Junior Planners: Everything I’ve Learned
P1: Working with creatives
Being a Junior Planner is hard. The role of a Planner is by definition, the expert in the room who guides people to do things. In many agencies, the junior role doesn’t exist at all because how can you already be a junior expert?
But if you’re lucky enough to find an agency that trusts you to take on the role, you’re going to make lots of mistakes doing it.
As a young Planner myself, I have found that practical, everyday knowledge is hard to come by. It’s mostly hard-won through mistakes made in the trenches.
That’s why I’ve decided to write down all of the mistakes and the painful lessons I’ve learned from them, to hopefully impart a bit of knowledge for you to bring to work each day. Here’s “Part 1 — Working with Creatives.”
“One must still have chaos in oneself to be able to give birth to a dancing star.” Friedrich Nietzsche
Mistake № 1: Putting too much pressure on the brief.
Too much has been written about the creative brief. The single thought. Piles of research it takes to get there.
It sent me — a hungry little Planner — on a search for the elusive single thought that blows everybody’s minds.
Sometimes it happens, but most often these kinds of single thoughts are hard to work from.
The Lesson: Aim for clarity above wit.
Briefs should feel like a clear challenge. They find a door worth opening, a path worth lighting.
It sounds counterintuitive, but oftentimes the best briefs feel obvious because they are just so damn true. People always knew your insight in the back of their heads, but they’ve never seen it written down so clearly.
Because it feels inherently true to them, they’ll leave your briefing with a bunch of first-hand creative insight to work from.
Mistake № 2: Wanting credit for thought starters.
Planning itself is a creative process. We come up with creative ideas that get sold all the time. Our natural instinct says we should get credit for those ideas.
The Lesson: Never expect credit.
Credit is for creatives. They get jobs based on awards and books.
The creative process is a fragile endeavor. As one creative put it — “I birth a child every day that’ll just get killed in front of me.”
If they liked your idea enough to put their ass on the line for it, just give it to them.
It’s beautiful to see your ideas and your briefs come to life in the real world. Take silent note of it and be proud that someone invested money to make it. Everyone will know that you had a hand in it.
Mistake № 3: Giving feedback based on client needs.
Planners straddle the world of creativity and business more than any other function in an agency. You’re pulled in two directions. An Associate Planning Director once said, “There are two kinds of Planners: Account Managers’ Planners and Creatives’ Planners.”
From my experience, we sit closer to the Account side in agencies. We participate in statuses, we have direct client feedback, and we partner with Account Managers every single day. You’re at risk of being seen as an Account Manager who Googles stuff. Accordingly, Creatives will become skeptical of your input, just as they are skeptical of Account input.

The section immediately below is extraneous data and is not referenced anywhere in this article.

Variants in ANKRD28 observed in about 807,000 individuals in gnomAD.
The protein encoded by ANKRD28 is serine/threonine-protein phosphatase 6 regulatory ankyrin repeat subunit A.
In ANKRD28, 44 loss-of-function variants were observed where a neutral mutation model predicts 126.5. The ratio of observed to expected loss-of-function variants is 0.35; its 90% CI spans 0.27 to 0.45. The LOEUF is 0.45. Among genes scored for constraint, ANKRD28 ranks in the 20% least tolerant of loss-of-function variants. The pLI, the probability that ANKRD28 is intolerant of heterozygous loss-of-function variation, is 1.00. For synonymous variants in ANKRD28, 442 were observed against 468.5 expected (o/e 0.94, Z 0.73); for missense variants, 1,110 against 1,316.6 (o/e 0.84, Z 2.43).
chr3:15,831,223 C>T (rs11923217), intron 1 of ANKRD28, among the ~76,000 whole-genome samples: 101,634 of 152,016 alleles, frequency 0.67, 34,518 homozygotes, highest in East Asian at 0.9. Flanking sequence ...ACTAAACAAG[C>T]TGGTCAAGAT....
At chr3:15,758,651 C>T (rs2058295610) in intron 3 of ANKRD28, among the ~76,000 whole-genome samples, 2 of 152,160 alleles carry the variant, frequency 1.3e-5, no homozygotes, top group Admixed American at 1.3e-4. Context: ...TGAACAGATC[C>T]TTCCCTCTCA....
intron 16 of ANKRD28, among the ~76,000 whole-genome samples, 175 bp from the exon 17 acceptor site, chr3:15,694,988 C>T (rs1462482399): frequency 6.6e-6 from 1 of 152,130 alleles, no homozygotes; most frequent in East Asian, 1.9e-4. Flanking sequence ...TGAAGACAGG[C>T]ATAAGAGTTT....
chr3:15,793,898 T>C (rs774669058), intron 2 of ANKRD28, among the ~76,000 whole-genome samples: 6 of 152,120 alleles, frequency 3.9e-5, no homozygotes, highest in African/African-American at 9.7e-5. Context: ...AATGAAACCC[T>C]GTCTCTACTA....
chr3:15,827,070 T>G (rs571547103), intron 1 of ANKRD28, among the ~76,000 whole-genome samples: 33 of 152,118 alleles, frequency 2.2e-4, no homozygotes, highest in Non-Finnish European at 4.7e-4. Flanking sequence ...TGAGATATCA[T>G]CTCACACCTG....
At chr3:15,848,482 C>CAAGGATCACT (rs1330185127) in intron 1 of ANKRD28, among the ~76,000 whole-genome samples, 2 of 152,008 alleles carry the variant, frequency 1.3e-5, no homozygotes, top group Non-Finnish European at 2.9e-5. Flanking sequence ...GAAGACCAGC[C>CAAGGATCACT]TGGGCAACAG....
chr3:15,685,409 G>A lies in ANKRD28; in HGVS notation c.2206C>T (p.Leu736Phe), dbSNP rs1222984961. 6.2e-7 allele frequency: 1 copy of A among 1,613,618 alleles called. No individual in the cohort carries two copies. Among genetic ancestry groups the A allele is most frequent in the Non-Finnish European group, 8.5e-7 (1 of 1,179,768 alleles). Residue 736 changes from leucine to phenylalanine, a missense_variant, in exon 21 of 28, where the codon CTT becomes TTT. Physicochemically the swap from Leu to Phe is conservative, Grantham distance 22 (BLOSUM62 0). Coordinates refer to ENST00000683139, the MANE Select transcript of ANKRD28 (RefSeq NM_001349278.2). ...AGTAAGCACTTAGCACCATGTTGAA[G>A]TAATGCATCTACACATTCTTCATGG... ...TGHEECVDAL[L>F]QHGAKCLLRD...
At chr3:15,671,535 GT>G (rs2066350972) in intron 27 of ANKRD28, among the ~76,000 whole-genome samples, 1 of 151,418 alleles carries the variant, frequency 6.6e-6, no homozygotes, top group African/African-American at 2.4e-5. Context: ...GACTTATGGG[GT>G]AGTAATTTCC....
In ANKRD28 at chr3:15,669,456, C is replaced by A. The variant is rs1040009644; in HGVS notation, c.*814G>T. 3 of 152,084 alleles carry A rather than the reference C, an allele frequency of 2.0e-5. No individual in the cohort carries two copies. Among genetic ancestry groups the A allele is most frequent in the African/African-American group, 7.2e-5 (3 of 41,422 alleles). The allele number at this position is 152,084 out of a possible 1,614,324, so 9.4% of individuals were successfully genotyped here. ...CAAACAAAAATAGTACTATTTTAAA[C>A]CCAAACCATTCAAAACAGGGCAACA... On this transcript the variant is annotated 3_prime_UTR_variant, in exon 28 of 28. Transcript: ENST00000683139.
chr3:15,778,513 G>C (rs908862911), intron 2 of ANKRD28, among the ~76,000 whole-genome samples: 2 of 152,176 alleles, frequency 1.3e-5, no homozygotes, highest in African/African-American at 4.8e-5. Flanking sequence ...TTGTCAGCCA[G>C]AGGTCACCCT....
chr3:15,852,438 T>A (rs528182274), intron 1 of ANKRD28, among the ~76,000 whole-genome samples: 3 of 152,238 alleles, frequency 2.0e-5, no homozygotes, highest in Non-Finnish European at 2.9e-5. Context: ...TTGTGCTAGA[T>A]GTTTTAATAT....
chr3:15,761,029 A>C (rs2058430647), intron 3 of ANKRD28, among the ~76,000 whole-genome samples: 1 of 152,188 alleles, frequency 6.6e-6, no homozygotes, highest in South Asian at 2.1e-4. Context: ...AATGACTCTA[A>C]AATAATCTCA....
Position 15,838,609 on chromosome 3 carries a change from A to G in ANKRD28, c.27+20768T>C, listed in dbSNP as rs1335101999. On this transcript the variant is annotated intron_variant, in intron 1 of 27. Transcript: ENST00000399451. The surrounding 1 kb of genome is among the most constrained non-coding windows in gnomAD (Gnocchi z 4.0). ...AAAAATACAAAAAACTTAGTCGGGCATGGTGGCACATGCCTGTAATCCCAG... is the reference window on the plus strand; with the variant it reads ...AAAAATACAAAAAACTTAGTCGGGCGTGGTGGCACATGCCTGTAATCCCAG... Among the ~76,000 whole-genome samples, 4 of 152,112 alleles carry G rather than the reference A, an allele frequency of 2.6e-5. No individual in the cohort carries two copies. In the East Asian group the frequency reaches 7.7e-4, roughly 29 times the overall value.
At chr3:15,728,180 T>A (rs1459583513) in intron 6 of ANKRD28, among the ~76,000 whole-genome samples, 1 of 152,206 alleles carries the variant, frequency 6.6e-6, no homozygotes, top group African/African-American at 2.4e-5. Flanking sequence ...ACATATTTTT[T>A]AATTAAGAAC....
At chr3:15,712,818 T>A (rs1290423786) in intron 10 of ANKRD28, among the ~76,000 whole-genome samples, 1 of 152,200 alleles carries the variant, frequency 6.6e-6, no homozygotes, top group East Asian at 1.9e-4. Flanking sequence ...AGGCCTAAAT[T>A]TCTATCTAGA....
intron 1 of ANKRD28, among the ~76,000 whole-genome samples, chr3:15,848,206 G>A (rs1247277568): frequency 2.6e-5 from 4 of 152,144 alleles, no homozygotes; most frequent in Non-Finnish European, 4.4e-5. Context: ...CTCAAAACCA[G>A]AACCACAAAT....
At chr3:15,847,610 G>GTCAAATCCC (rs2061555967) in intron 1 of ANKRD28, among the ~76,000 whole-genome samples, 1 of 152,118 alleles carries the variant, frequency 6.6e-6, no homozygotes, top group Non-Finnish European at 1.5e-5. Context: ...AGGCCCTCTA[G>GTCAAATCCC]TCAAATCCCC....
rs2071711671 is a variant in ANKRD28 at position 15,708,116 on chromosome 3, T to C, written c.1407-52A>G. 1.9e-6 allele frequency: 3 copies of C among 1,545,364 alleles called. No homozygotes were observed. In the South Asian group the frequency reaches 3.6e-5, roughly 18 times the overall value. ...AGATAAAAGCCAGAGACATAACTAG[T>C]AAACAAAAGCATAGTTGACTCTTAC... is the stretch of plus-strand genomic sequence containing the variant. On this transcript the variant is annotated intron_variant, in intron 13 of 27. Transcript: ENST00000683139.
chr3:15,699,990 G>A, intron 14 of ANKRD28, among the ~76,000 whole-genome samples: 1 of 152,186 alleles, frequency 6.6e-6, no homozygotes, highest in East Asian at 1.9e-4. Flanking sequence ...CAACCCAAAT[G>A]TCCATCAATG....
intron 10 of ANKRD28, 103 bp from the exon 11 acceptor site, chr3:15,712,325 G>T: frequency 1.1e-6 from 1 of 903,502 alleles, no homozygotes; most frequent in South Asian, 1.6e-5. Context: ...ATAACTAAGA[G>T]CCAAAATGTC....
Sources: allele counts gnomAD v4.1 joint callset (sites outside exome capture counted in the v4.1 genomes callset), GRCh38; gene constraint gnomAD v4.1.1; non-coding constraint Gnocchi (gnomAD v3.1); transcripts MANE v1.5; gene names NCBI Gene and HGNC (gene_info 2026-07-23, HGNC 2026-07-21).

The Lesson: You’re the voice of the consumer.
If Account Managers are the voice of the client, you’re the voice of the consumer. Offer that. It’s something no one else can offer. Use that to your advantage.
Always have consumer quotes and insights in your pocket. It allows you to be objective and steer work in ways that satisfy both parties. If your feedback is that a consumer wouldn’t get it or like it, it’s unshittable. We work in a business that sells things to consumers. The only feedback that matters is what the consumer will think or do in response to the work.
Mistake № 4: Killing crazy ideas.
Creatives bring stunningly wacky and sometimes offensive ideas. It’ll happen constantly. You’ll feel like your brief birthed something that will go down in history as one of the worst things to ever be made. You’ll feel like it’s your duty to kill it and bury all traces of it.
The Lesson: Let ideas die a natural death.
There are so many checks and balances on creative work — often too many — so if there’s something you think is entirely off, wait a bit and see if someone who gets paid way more than you kills it. They’ve spent years in the business and rake in way more money than you to wear the crown of the contrarian. You’ll get there one day, but you’re not there yet.
Mistake № 5: Packing briefs with statistics.
Ad agencies love being data-driven. It’s how we justify our paychecks. We need to have some sort of data that proves what we’re doing is the right thing to do, so we pack our briefs with it and overwhelm creatives.
The Lesson: Only use powerful statistics.
If you can’t tell someone the stat in the hallway and surprise them with it, opt for words. Your brief should be based on what our President calls “an accumulation of data” — but it doesn’t have to make its way into the brief.
For example, if your target audience over indexes on watching When Harry Met Sally (128%), Along Came Polly (114%), and The Wedding Planner (130%) — just say “they love to kick back and watch guilty pleasure romantic comedies.” It’s more memorable and inspiring.
Mistake № 6: Giving handouts during the briefing.
You did the work. You printed it out. You handed it to them. Seems fine, right?
The Lesson: Never hand out the brief before the briefing.
They’ll flip it over and look at the deliverables and budget and pay no attention to you. Trust me. Wait until you’ve went through the briefing.
This is less of a lesson, but more of a thing that we need to constantly remind ourselves: We are lucky to be working in a creative industry. The creative process is one of the most invigorating, awe-inspiring things to be a part of. We’re privileged as planners to spur this process and make ourselves useful along the way.